Image Advice

October 2008
by Lisa Woods and Lari Bishop

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Image Advice

by Lisa Woods and Lari Bishop

Images can add a lot to books and other printed material. But if you want to jazz up your pages with graphics (figures, drawings, cartoons, illustrations, etc.) and you’re printing professionally, you’ll need these tips.


All images destined for print must be high resolution, which is to say 300 pixels per inch (ppi, sometimes also called dpi) or greater. Sometimes people try to fake the size of an image, but an image is not high resolution if it was originally low resolution and then resized to force the resolution to 300 ppi, or if the resolution was simply changed. These techniques will not improve the quality of the image—and may make it worse. If you print a low-resolution image, the difference will show.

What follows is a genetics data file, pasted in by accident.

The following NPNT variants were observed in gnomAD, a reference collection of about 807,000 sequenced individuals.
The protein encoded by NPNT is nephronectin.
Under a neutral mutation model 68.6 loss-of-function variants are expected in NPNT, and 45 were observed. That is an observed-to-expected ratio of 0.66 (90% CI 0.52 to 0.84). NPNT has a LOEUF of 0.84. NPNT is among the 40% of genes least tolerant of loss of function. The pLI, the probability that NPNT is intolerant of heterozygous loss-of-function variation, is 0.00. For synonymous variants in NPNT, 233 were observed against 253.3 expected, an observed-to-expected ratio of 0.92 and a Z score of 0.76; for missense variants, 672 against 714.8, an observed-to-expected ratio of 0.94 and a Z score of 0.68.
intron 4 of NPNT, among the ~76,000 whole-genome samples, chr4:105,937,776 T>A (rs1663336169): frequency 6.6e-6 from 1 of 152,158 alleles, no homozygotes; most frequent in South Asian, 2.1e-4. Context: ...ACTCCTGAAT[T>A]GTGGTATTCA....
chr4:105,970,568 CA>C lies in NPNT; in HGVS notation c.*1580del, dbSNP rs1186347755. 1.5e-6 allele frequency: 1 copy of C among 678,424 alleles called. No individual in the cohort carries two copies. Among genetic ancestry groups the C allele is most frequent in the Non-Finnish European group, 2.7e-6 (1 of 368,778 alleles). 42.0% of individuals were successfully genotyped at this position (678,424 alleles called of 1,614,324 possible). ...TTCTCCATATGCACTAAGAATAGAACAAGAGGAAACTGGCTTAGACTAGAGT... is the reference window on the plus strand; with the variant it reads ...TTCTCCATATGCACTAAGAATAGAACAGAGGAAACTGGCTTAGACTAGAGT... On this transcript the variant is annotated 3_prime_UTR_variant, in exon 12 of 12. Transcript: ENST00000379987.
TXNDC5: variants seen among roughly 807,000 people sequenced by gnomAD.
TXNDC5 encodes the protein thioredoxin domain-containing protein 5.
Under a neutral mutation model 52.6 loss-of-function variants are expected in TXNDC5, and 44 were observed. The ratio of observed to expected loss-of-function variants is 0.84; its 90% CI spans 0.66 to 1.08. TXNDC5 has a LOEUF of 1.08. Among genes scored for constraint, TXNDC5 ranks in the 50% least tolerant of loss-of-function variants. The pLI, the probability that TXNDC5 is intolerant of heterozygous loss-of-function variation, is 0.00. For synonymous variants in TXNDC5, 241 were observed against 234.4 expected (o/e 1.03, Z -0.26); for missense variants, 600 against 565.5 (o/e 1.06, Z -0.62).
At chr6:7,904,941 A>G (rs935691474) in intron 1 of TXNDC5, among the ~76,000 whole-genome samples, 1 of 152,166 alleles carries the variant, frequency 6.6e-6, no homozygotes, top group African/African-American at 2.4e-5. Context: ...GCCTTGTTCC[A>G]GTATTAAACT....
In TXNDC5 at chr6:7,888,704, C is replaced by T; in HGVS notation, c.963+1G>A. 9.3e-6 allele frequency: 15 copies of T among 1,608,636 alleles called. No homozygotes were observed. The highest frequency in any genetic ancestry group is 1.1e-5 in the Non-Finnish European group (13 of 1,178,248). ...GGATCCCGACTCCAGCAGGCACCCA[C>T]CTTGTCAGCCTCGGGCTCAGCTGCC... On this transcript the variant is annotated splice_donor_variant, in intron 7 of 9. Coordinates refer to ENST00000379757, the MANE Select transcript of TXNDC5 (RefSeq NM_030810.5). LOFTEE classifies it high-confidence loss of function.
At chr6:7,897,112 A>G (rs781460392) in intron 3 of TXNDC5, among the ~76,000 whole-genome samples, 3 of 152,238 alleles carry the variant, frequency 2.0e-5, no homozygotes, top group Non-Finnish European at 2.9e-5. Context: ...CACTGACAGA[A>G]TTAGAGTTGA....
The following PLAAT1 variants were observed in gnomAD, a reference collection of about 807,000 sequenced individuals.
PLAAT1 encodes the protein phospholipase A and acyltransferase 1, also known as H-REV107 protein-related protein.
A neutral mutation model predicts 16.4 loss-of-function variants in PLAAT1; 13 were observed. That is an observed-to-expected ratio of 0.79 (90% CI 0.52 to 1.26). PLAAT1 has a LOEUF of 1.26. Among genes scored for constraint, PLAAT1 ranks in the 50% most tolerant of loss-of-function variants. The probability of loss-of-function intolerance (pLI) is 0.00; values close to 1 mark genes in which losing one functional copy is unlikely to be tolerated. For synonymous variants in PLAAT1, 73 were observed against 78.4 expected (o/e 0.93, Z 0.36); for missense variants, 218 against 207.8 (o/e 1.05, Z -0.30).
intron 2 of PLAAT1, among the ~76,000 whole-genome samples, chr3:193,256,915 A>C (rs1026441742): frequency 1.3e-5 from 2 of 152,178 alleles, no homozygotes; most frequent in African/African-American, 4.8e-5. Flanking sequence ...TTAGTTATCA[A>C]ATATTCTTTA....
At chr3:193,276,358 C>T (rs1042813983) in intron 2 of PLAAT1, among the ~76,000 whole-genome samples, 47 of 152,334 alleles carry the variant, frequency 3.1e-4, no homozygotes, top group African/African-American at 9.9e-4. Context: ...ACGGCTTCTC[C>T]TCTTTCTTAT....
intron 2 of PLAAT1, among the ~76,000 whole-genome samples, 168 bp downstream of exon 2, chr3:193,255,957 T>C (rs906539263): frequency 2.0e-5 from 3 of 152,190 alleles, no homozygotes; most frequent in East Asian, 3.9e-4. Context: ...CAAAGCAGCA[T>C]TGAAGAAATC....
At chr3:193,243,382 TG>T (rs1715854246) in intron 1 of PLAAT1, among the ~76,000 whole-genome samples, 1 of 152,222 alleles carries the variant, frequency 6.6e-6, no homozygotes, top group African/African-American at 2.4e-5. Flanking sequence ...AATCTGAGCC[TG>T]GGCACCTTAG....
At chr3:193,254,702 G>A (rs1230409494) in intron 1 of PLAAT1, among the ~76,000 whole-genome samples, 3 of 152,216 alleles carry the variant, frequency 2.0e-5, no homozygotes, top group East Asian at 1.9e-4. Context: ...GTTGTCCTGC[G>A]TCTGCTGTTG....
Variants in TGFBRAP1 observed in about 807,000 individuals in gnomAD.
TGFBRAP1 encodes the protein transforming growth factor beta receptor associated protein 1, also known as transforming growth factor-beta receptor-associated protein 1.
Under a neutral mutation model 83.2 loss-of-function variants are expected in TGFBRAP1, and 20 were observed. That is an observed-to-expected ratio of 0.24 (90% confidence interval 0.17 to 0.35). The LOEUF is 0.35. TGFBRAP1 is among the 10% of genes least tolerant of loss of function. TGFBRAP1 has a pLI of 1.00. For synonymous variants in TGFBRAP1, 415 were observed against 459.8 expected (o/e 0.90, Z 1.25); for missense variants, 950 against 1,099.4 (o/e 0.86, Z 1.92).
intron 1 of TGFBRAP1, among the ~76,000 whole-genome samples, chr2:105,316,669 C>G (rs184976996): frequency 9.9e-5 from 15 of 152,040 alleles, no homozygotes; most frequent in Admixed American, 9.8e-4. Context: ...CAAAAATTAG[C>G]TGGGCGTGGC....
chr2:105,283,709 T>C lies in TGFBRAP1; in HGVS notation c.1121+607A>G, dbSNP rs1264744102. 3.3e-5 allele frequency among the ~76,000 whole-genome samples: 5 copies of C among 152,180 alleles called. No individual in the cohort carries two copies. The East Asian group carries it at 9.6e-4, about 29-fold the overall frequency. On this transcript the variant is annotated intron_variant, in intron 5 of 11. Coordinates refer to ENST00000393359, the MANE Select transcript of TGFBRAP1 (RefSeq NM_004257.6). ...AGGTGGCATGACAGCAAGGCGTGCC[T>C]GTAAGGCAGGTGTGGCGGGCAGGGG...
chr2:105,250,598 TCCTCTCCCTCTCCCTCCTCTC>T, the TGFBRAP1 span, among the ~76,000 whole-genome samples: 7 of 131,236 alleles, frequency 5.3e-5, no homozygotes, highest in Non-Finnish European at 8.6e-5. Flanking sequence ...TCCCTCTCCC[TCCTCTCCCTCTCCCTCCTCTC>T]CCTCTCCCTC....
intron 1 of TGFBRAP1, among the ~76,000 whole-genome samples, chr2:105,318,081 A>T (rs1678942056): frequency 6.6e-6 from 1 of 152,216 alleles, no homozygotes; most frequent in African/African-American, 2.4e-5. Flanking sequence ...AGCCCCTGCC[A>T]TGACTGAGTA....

If you own images that exist only in hard copy and you plan to scan them, make sure that they are scanned in at 1200 dpi. If you are unsure of your scanning capabilities, have the scanning professionally done.

File Formats

The most widely accepted kinds of digital image files are:

.PSD (Adobe Photoshop native file)



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